HOME and how to join › Forum › Open Area › General Scott topics › Oil for 1928 FS 3 Speed Gearbox
Have been searching the forum for the gear oil spec for my ’28 FS with 3 speed box.
Am I right in concluding that straight 140w gear oil is what I should be using?
The answer is yes, but if it leaks the answer is Thixotropic grease , obtainable from Enfield agents.Good luck.
you can get the thixotropic from land rover dealers it what they use in the cv joints it comes in a long sachet one sachet will be ample even better if there is any 4 wheel drive spares near to where you live its cheaper and its the same stuff
By thixotropic, do you mean semi-fluid grease?
I use that in my ’21 Douglas gearbox.
Are there any dangers in trying it in the Scott?
Any need to clean out old lube first?
If the main drive bush is a good fit you will seize it up, if it is well worn you may be o.k. Why not use a straight S.A.E. 50 that was good enough when they were first made.
Just another thing do not use a hypoid gear oil it will destroy any bronze bushes.
Stick with SAE 140 straight gear oil with no EP additives. I have been using it for years in my 1932 Flyer.
My box had thixotropic grease in and the roller bearings were very badly worn when I stripped it for inspection and some pinions were showing rust damage. The box had clearly been worked on when the bike was restored as the clutch output side had been nicely re-bushed. The bike has clearly done very few miles since restoration so I’m inclined to suggest the grease may not be a good option for bikes that are not used regularly. I know its not a scientific test though! The box didn’t even leak when subsequentl filled with gear oil 😀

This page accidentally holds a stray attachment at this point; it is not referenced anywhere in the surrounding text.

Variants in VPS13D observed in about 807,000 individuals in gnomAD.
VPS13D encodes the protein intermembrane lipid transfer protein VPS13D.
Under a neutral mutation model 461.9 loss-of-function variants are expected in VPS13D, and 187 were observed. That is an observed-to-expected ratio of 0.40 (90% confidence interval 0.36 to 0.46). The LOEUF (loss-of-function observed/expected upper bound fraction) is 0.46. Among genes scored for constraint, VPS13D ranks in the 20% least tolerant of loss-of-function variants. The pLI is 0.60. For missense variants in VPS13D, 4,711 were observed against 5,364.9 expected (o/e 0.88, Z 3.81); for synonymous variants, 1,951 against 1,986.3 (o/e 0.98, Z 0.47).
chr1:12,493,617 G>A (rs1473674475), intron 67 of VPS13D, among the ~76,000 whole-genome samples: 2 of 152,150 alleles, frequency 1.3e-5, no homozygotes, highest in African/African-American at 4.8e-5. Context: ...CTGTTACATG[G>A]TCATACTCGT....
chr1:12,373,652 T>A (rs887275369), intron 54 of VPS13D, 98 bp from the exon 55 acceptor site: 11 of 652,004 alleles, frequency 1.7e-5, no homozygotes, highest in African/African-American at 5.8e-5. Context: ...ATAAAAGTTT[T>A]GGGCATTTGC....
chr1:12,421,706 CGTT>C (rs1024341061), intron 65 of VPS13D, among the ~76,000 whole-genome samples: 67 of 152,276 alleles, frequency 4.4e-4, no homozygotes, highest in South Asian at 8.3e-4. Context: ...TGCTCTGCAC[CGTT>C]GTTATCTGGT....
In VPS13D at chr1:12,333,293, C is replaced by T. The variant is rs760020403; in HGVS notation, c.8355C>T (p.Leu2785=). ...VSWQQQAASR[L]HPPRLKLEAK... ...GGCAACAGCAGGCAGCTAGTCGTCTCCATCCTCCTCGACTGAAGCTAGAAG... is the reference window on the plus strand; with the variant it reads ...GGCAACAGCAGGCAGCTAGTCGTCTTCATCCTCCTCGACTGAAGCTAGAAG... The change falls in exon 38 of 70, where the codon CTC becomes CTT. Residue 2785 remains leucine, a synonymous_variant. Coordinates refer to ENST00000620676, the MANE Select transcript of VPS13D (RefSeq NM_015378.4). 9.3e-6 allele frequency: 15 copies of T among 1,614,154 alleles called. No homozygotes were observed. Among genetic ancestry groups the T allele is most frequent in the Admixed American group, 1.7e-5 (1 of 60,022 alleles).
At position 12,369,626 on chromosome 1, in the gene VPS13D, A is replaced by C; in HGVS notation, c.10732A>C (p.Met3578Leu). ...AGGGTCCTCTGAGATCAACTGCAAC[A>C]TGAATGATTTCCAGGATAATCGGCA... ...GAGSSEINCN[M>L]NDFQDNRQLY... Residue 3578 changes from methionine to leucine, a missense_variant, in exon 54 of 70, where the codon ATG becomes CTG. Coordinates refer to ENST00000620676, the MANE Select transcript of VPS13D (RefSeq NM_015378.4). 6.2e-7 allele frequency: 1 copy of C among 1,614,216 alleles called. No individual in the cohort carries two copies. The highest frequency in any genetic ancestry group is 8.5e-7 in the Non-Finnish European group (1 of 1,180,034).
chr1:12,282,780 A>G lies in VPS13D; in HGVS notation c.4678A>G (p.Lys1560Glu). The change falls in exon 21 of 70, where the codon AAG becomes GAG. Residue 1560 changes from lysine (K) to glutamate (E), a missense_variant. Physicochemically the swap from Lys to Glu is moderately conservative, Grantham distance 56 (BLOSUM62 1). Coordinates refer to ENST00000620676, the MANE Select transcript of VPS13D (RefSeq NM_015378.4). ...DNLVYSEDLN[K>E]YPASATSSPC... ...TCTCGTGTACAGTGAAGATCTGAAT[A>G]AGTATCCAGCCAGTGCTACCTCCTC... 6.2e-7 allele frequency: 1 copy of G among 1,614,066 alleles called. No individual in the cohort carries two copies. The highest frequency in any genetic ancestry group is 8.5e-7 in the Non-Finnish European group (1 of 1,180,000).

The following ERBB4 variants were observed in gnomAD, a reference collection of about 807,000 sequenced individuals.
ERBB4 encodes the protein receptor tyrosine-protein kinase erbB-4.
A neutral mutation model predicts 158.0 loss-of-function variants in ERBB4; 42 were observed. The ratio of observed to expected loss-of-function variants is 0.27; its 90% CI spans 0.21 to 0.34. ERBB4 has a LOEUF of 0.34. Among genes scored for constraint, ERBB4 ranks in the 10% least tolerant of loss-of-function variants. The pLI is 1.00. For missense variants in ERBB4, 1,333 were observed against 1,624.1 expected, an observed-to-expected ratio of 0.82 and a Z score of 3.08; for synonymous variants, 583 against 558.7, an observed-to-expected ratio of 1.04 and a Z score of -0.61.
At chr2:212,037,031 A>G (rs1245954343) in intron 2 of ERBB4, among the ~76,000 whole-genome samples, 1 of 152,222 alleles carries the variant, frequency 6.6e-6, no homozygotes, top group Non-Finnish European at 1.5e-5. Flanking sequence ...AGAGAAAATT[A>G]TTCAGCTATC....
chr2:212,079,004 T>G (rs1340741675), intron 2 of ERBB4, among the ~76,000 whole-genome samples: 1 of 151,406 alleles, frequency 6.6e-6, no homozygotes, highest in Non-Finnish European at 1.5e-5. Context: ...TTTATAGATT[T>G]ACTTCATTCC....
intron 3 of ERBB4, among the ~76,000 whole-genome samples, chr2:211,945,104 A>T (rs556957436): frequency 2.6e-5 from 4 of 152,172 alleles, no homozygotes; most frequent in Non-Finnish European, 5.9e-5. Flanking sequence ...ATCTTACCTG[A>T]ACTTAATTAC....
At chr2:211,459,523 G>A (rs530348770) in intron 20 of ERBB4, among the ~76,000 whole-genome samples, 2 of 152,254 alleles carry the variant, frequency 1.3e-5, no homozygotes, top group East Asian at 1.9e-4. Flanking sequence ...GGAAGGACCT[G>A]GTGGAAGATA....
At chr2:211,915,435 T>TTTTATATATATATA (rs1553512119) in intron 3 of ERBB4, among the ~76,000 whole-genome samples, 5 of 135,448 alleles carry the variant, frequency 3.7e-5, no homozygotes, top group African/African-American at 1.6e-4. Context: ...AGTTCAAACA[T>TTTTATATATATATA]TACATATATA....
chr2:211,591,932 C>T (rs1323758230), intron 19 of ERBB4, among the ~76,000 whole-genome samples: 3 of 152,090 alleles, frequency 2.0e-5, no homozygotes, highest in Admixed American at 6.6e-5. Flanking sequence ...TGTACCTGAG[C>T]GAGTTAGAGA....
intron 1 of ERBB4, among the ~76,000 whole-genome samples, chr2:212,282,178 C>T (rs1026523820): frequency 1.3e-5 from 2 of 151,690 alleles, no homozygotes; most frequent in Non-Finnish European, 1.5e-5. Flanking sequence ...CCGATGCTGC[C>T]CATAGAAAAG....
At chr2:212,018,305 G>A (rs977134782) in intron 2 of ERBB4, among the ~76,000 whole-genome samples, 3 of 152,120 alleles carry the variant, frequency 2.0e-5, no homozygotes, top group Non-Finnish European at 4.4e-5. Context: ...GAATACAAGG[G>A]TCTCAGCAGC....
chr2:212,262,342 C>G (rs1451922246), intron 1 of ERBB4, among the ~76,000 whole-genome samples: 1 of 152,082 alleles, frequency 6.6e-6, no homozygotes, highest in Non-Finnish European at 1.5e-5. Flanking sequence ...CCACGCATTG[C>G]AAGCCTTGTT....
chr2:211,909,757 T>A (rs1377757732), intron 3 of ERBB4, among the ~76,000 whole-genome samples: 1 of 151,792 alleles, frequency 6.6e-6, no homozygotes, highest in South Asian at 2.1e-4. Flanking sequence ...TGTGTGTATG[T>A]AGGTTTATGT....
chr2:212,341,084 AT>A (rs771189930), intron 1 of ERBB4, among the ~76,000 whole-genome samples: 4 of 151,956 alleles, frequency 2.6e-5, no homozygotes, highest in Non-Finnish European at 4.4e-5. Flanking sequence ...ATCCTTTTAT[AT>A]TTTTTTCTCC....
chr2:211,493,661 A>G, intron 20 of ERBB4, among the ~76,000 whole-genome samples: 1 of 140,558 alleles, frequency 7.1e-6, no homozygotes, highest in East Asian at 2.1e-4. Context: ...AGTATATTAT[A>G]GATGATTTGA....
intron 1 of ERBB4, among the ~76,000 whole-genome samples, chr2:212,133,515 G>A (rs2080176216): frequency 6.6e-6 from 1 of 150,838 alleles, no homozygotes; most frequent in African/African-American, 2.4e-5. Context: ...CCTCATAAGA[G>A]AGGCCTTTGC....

Morgan owners have reported similar problems with thixotropic oil/grease, notably Shell Tivela. Best just use a ‘straight’ gear oil. If it leaks out you are either overfilling it, have a worn high-gear bush, or are using a L/H side propstand instead of a centre-stand or rear stand.
The problem with grease or thick oil is the possibility of cavitation starving the gear-teeth whilst under load, so don’t use anything heavier than a straight SAE 90 grade (although modern oils nowadays don’t usually have the sulphorous addatives of yesteryear which divoured bronze – but best check with your supplier.
Using thicker lubricant is only attempting to mask the design fault of poor or non-existant oil sealing – which can be easily overcome by turning out the kick-starter boss and fitting a lip-seal, then using a modern synthetic gear oil.
Thank you all for the comprehensive advice.
I had noted that EP oils were not to be used – thanks for the confirmation.
I also appreciate the channelling problems that too high a viscosity can cause.
Being a bit uncertain about the gearboxes internal condition, think I will start with 50w straight oil, observe for leaks and move towards 140w should it be necessary.
Ted: you said that straight S.A.E. 50 was good enough when they were first made ….. I cannot find any lubricant info in any of the books I have.
Is this listed somewhere or just that you happen top know this fact?